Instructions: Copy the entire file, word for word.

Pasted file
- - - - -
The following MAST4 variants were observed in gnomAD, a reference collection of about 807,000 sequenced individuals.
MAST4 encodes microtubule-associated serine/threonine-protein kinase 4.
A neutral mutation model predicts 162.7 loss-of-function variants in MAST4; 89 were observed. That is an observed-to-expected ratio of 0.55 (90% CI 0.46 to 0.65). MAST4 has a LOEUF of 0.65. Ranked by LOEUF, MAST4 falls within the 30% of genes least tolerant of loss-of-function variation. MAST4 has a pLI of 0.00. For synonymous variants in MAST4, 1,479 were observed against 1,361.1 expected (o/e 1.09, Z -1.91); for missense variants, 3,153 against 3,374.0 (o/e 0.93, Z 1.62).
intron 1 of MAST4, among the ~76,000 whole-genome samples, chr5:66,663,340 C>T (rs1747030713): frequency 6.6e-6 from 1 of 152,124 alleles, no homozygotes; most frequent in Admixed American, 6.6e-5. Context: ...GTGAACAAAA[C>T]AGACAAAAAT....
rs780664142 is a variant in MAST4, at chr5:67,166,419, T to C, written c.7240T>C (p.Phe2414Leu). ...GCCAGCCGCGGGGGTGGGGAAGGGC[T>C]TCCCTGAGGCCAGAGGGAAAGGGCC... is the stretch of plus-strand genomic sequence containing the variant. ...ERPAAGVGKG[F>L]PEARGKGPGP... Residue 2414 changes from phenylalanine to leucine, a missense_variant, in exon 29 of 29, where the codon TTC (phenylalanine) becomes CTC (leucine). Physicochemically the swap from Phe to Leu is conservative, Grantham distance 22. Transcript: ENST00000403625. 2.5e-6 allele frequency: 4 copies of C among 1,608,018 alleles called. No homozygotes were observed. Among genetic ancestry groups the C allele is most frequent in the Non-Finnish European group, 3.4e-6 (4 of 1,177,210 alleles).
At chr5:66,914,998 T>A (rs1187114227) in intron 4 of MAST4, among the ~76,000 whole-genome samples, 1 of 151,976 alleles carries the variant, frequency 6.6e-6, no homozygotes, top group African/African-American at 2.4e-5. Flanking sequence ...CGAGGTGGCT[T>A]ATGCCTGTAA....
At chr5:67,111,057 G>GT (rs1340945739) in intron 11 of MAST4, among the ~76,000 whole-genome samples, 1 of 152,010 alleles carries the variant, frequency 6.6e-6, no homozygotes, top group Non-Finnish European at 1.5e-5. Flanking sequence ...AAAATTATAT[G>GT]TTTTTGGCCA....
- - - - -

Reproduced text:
The following MAST4 variants were observed in gnomAD, a reference collection of about 807,000 sequenced individuals.
MAST4 encodes microtubule-associated serine/threonine-protein kinase 4.
A neutral mutation model predicts 162.7 loss-of-function variants in MAST4; 89 were observed. That is an observed-to-expected ratio of 0.55 (90% CI 0.46 to 0.65). MAST4 has a LOEUF of 0.65. Ranked by LOEUF, MAST4 falls within the 30% of genes least tolerant of loss-of-function variation. MAST4 has a pLI of 0.00. For synonymous variants in MAST4, 1,479 were observed against 1,361.1 expected (o/e 1.09, Z -1.91); for missense variants, 3,153 against 3,374.0 (o/e 0.93, Z 1.62).
intron 1 of MAST4, among the ~76,000 whole-genome samples, chr5:66,663,340 C>T (rs1747030713): frequency 6.6e-6 from 1 of 152,124 alleles, no homozygotes; most frequent in Admixed American, 6.6e-5. Context: ...GTGAACAAAA[C>T]AGACAAAAAT....
rs780664142 is a variant in MAST4, at chr5:67,166,419, T to C, written c.7240T>C (p.Phe2414Leu). ...GCCAGCCGCGGGGGTGGGGAAGGGC[T>C]TCCCTGAGGCCAGAGGGAAAGGGCC... is the stretch of plus-strand genomic sequence containing the variant. ...ERPAAGVGKG[F>L]PEARGKGPGP... Residue 2414 changes from phenylalanine to leucine, a missense_variant, in exon 29 of 29, where the codon TTC (phenylalanine) becomes CTC (leucine). Physicochemically the swap from Phe to Leu is conservative, Grantham distance 22. Transcript: ENST00000403625. 2.5e-6 allele frequency: 4 copies of C among 1,608,018 alleles called. No homozygotes were observed. Among genetic ancestry groups the C allele is most frequent in the Non-Finnish European group, 3.4e-6 (4 of 1,177,210 alleles).
At chr5:66,914,998 T>A (rs1187114227) in intron 4 of MAST4, among the ~76,000 whole-genome samples, 1 of 151,976 alleles carries the variant, frequency 6.6e-6, no homozygotes, top group African/African-American at 2.4e-5. Flanking sequence ...CGAGGTGGCT[T>A]ATGCCTGTAA....
At chr5:67,111,057 G>GT (rs1340945739) in intron 11 of MAST4, among the ~76,000 whole-genome samples, 1 of 152,010 alleles carries the variant, frequency 6.6e-6, no homozygotes, top group Non-Finnish European at 1.5e-5. Flanking sequence ...AAAATTATAT[G>GT]TTTTTGGCCA....